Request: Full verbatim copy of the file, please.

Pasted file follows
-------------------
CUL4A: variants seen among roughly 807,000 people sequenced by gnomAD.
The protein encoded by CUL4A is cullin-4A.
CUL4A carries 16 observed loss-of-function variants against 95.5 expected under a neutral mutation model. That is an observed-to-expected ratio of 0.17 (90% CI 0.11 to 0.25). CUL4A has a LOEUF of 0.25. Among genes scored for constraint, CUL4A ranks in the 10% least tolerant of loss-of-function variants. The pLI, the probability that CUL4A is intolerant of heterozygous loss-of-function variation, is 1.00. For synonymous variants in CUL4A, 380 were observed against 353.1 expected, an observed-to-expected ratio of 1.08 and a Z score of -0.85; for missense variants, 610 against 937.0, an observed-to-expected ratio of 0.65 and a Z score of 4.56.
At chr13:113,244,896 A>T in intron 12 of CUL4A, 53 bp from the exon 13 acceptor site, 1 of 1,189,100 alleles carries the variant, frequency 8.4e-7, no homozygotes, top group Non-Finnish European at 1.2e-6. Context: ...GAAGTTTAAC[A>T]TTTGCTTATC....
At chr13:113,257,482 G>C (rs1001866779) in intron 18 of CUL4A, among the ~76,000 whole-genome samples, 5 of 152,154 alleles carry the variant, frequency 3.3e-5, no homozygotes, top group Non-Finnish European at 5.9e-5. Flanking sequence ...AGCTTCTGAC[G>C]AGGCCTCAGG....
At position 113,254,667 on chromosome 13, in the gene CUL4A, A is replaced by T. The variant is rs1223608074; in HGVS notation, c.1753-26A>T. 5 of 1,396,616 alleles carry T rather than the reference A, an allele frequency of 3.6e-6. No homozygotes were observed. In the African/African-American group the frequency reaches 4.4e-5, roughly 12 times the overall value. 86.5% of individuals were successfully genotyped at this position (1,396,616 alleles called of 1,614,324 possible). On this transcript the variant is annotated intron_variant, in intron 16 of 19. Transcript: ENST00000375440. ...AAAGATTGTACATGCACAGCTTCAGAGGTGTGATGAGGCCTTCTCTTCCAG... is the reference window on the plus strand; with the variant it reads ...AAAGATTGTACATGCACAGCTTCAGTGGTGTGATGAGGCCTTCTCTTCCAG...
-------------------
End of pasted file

CUL4A: variants seen among roughly 807,000 people sequenced by gnomAD.
The protein encoded by CUL4A is cullin-4A.
CUL4A carries 16 observed loss-of-function variants against 95.5 expected under a neutral mutation model. That is an observed-to-expected ratio of 0.17 (90% CI 0.11 to 0.25). CUL4A has a LOEUF of 0.25. Among genes scored for constraint, CUL4A ranks in the 10% least tolerant of loss-of-function variants. The pLI, the probability that CUL4A is intolerant of heterozygous loss-of-function variation, is 1.00. For synonymous variants in CUL4A, 380 were observed against 353.1 expected, an observed-to-expected ratio of 1.08 and a Z score of -0.85; for missense variants, 610 against 937.0, an observed-to-expected ratio of 0.65 and a Z score of 4.56.
At chr13:113,244,896 A>T in intron 12 of CUL4A, 53 bp from the exon 13 acceptor site, 1 of 1,189,100 alleles carries the variant, frequency 8.4e-7, no homozygotes, top group Non-Finnish European at 1.2e-6. Context: ...GAAGTTTAAC[A>T]TTTGCTTATC....
At chr13:113,257,482 G>C (rs1001866779) in intron 18 of CUL4A, among the ~76,000 whole-genome samples, 5 of 152,154 alleles carry the variant, frequency 3.3e-5, no homozygotes, top group Non-Finnish European at 5.9e-5. Flanking sequence ...AGCTTCTGAC[G>C]AGGCCTCAGG....
At position 113,254,667 on chromosome 13, in the gene CUL4A, A is replaced by T. The variant is rs1223608074; in HGVS notation, c.1753-26A>T. 5 of 1,396,616 alleles carry T rather than the reference A, an allele frequency of 3.6e-6. No homozygotes were observed. In the African/African-American group the frequency reaches 4.4e-5, roughly 12 times the overall value. 86.5% of individuals were successfully genotyped at this position (1,396,616 alleles called of 1,614,324 possible). On this transcript the variant is annotated intron_variant, in intron 16 of 19. Transcript: ENST00000375440. ...AAAGATTGTACATGCACAGCTTCAGAGGTGTGATGAGGCCTTCTCTTCCAG... is the reference window on the plus strand; with the variant it reads ...AAAGATTGTACATGCACAGCTTCAGTGGTGTGATGAGGCCTTCTCTTCCAG...